So, too, did Francisco Lindor. Few Indians have hit much so far this postseason—Cleveland scored just 27 runs itself—but the 22-year-old Puerto Rican shortstop playing his first postseason, is one who has. He is batting .323 during the playoffs, and leads the club in virtually every offensive category, including game-winning RBIs: he had them in Game 1 and Game 2 of ALCS.
Lindor seems as if he might become his adopted city’s Derek Jeter, but just four months ago, the average Cleveland police officer still didn’t recognize him. “I work there!” he pleaded with a couple of cops who on June 22 stopped him at a barricade off of Interstate 90, as he pointed at Progressive Field. After further explanation and a few autographs and photos, they let him through. Besides, they had good reason for caution. That was the day of the Cavaliers victory parade in downtown Cleveland and even as that night’s baseball game approached, more than a million celebrants still flooded the streets.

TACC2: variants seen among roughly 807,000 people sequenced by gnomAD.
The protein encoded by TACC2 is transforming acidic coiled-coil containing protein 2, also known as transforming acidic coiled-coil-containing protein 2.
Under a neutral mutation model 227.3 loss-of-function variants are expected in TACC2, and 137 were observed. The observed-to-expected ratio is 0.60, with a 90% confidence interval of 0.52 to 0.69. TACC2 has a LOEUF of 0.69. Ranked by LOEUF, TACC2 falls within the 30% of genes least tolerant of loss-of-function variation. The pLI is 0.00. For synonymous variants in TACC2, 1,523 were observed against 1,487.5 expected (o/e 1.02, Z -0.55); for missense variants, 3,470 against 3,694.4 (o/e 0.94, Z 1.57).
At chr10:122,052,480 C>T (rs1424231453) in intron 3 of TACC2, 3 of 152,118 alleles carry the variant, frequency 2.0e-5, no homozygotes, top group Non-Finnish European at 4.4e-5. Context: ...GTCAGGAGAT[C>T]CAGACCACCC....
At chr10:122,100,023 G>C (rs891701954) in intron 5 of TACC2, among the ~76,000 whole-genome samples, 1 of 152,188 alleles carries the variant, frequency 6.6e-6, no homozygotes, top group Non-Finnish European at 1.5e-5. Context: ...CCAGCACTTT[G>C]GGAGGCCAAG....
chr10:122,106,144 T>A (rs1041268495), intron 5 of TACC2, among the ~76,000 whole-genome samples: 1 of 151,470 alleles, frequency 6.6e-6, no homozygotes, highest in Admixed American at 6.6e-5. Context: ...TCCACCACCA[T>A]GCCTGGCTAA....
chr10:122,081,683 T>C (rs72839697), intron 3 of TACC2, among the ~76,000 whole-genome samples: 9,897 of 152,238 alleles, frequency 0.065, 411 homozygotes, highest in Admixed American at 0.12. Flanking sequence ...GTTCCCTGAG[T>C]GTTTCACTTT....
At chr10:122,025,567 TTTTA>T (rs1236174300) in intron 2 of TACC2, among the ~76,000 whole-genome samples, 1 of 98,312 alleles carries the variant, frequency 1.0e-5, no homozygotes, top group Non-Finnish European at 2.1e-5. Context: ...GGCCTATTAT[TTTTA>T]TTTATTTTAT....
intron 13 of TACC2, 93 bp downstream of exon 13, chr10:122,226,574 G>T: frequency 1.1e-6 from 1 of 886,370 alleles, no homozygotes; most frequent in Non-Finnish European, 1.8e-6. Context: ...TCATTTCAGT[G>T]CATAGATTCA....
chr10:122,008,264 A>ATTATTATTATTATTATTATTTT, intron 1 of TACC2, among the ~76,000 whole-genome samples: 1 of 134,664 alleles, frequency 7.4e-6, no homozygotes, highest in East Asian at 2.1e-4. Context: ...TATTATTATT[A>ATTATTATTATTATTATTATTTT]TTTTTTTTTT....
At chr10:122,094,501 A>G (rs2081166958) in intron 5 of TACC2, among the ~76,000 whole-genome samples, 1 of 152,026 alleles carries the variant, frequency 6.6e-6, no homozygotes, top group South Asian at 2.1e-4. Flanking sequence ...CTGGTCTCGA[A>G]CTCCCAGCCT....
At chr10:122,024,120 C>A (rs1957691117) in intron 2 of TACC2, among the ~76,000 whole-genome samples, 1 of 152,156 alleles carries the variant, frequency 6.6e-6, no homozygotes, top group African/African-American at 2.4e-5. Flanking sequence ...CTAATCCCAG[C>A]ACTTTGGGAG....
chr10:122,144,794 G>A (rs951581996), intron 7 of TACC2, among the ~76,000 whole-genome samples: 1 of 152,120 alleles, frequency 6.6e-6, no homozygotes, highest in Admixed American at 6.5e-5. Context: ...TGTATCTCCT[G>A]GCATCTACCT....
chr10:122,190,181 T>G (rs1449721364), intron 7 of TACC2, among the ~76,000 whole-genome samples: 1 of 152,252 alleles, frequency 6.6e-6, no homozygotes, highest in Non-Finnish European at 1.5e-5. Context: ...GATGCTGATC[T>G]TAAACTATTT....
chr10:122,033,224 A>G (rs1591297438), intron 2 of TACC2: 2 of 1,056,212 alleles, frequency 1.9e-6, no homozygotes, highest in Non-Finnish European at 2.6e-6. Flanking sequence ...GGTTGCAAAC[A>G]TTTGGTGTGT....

That experience, for a humbled and often tortured city, might have bought the Indians a year or more of cover for their own ringless streak. That wasn’t how the front office viewed it. “There’s some hope and optimism in our market we haven’t had before,” Chernoff said this summer. “We want to capitalize on that.” A few days later, the club sacrificed several top prospects to acquire Miller from the Yankees.
Lindor will never go unrecognized in Cleveland again. Neither will many of the other members—even Merritt—of what has already shaped up to be a special team. “Everybody chips in wherever they’re asked, and they do the best they can,” said Francona after his club had clinched a berth in the World Series, which will start on Tuesday in Cleveland against either the Cubs or Dodgers, both of whom appear far deeper than the Indians. “To this point it’s been good enough.” After 67 seasons without one, they are now just four wins from a parade of their own.